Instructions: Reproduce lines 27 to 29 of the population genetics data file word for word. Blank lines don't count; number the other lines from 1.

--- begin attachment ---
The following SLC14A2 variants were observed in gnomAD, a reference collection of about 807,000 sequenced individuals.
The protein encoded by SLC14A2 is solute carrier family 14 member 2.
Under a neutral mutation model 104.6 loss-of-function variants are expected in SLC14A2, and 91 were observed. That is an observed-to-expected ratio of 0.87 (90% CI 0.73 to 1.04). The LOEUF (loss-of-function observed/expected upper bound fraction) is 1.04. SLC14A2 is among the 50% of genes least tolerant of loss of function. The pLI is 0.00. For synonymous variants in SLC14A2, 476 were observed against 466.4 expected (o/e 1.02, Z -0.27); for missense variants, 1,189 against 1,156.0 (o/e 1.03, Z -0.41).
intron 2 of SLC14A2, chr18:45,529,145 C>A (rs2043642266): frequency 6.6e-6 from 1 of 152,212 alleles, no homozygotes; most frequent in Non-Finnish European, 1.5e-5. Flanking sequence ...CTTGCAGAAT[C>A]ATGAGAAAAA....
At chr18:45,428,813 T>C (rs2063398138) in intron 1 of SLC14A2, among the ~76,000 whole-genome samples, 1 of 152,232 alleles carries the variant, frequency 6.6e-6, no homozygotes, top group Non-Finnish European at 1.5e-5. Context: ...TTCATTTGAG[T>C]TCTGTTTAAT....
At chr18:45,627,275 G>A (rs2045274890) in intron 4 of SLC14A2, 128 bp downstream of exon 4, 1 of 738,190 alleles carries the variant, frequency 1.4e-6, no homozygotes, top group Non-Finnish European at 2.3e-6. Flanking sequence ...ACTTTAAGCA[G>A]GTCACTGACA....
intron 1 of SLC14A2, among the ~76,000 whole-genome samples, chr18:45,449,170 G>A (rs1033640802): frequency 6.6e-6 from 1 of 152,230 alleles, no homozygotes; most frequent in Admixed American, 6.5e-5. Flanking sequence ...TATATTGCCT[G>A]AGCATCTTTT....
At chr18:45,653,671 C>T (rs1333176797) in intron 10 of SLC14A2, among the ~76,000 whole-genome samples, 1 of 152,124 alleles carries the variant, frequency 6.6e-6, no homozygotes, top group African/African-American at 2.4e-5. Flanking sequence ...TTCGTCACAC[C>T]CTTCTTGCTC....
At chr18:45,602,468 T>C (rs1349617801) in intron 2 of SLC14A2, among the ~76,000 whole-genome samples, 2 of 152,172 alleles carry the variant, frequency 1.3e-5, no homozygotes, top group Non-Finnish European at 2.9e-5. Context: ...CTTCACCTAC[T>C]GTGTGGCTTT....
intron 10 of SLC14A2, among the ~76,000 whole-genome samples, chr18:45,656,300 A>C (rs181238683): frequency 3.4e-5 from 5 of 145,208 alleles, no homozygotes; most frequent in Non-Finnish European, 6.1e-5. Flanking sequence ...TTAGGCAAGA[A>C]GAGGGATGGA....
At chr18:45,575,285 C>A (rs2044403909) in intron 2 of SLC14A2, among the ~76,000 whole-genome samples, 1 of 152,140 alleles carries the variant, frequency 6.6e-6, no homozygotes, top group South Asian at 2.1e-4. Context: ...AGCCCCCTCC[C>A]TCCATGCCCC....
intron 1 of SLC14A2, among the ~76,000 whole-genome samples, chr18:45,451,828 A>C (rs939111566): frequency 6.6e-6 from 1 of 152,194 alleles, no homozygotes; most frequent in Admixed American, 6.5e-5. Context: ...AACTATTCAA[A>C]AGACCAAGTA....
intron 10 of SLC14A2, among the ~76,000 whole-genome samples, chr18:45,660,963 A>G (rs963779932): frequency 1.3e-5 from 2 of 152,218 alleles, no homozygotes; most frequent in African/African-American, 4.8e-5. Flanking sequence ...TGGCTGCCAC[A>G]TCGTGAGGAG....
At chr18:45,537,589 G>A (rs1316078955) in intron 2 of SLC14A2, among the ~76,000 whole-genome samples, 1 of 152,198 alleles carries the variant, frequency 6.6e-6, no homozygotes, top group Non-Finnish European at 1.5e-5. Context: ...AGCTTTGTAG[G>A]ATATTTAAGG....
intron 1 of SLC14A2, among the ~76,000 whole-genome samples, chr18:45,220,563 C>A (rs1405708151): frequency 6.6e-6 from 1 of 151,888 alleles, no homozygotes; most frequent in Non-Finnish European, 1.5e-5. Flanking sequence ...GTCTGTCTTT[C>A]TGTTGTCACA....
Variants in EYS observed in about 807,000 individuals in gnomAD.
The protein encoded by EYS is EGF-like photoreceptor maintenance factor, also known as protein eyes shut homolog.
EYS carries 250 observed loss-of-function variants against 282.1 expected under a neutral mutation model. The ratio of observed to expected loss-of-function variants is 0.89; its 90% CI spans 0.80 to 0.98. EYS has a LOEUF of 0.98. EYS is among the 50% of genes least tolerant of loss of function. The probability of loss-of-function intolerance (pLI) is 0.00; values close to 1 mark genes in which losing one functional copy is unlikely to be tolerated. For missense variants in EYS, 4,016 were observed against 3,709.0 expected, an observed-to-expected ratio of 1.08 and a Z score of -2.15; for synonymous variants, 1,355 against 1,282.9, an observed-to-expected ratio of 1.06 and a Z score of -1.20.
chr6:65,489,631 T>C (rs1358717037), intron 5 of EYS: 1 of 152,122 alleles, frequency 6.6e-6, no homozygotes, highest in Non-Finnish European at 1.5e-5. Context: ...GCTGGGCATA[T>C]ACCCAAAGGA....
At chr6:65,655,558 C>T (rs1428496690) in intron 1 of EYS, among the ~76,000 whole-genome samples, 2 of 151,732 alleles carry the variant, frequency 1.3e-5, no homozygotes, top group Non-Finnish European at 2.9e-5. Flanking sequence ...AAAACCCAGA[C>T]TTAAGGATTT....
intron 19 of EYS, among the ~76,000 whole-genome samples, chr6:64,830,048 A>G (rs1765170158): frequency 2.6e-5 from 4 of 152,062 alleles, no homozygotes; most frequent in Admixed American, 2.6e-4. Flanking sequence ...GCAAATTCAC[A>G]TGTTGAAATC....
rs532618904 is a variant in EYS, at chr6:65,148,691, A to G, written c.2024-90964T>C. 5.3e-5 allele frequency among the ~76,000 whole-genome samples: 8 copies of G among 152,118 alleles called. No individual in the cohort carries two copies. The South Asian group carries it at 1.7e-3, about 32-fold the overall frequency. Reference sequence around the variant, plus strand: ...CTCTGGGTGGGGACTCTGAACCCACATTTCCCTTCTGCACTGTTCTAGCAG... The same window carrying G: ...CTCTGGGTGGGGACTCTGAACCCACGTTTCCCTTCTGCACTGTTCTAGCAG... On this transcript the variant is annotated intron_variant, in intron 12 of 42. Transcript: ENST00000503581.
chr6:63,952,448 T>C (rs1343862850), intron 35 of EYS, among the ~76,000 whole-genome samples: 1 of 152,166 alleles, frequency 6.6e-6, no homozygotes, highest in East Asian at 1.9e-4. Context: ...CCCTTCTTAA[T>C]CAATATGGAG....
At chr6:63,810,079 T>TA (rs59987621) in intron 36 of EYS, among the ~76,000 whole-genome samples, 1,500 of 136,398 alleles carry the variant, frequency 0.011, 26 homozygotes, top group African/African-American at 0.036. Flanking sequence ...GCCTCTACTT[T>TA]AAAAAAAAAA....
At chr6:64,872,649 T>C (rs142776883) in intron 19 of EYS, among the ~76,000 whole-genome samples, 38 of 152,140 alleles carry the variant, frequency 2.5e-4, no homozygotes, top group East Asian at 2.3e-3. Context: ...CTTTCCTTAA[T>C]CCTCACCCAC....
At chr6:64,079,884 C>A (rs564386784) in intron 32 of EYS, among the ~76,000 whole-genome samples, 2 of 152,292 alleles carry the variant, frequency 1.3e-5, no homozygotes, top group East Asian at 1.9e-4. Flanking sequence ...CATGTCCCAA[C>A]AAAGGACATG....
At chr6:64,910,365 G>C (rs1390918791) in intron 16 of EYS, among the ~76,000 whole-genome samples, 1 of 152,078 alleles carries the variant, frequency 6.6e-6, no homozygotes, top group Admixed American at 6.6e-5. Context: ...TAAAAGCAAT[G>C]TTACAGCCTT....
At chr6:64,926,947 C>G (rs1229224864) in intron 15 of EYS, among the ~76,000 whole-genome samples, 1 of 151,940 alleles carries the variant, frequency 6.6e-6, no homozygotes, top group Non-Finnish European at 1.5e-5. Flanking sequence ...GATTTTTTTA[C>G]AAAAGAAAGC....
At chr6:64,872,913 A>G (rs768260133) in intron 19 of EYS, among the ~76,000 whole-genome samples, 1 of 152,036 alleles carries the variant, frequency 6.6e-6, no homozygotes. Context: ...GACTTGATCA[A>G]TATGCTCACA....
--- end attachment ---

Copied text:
At chr6:64,910,365 G>C (rs1390918791) in intron 16 of EYS, among the ~76,000 whole-genome samples, 1 of 152,078 alleles carries the variant, frequency 6.6e-6, no homozygotes, top group Admixed American at 6.6e-5. Context: ...TAAAAGCAAT[G>C]TTACAGCCTT....
At chr6:64,926,947 C>G (rs1229224864) in intron 15 of EYS, among the ~76,000 whole-genome samples, 1 of 151,940 alleles carries the variant, frequency 6.6e-6, no homozygotes, top group Non-Finnish European at 1.5e-5. Flanking sequence ...GATTTTTTTA[C>G]AAAAGAAAGC....
At chr6:64,872,913 A>G (rs768260133) in intron 19 of EYS, among the ~76,000 whole-genome samples, 1 of 152,036 alleles carries the variant, frequency 6.6e-6, no homozygotes. Context: ...GACTTGATCA[A>G]TATGCTCACA....